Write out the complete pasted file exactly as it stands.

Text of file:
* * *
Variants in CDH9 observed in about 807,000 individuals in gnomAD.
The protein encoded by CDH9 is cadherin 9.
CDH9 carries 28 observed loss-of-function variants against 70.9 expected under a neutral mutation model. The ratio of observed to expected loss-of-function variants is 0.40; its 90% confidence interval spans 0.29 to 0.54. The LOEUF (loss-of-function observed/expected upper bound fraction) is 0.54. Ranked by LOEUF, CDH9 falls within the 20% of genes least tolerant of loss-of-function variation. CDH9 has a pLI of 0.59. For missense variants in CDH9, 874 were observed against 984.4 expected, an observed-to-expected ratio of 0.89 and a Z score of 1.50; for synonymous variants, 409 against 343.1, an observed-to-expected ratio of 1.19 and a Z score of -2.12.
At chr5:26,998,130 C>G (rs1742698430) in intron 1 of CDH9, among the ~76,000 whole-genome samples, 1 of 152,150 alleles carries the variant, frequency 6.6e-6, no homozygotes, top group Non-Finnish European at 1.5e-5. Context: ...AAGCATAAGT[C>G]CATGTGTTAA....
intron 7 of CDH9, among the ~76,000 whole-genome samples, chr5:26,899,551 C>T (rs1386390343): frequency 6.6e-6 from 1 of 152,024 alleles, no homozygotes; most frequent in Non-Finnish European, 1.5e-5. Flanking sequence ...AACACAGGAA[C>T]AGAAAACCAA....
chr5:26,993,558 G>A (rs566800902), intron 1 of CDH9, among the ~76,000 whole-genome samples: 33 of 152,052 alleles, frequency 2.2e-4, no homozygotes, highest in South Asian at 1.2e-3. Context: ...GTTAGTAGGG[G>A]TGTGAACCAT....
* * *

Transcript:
Variants in CDH9 observed in about 807,000 individuals in gnomAD.
The protein encoded by CDH9 is cadherin 9.
CDH9 carries 28 observed loss-of-function variants against 70.9 expected under a neutral mutation model. The ratio of observed to expected loss-of-function variants is 0.40; its 90% confidence interval spans 0.29 to 0.54. The LOEUF (loss-of-function observed/expected upper bound fraction) is 0.54. Ranked by LOEUF, CDH9 falls within the 20% of genes least tolerant of loss-of-function variation. CDH9 has a pLI of 0.59. For missense variants in CDH9, 874 were observed against 984.4 expected, an observed-to-expected ratio of 0.89 and a Z score of 1.50; for synonymous variants, 409 against 343.1, an observed-to-expected ratio of 1.19 and a Z score of -2.12.
At chr5:26,998,130 C>G (rs1742698430) in intron 1 of CDH9, among the ~76,000 whole-genome samples, 1 of 152,150 alleles carries the variant, frequency 6.6e-6, no homozygotes, top group Non-Finnish European at 1.5e-5. Context: ...AAGCATAAGT[C>G]CATGTGTTAA....
intron 7 of CDH9, among the ~76,000 whole-genome samples, chr5:26,899,551 C>T (rs1386390343): frequency 6.6e-6 from 1 of 152,024 alleles, no homozygotes; most frequent in Non-Finnish European, 1.5e-5. Flanking sequence ...AACACAGGAA[C>T]AGAAAACCAA....
chr5:26,993,558 G>A (rs566800902), intron 1 of CDH9, among the ~76,000 whole-genome samples: 33 of 152,052 alleles, frequency 2.2e-4, no homozygotes, highest in South Asian at 1.2e-3. Context: ...GTTAGTAGGG[G>A]TGTGAACCAT....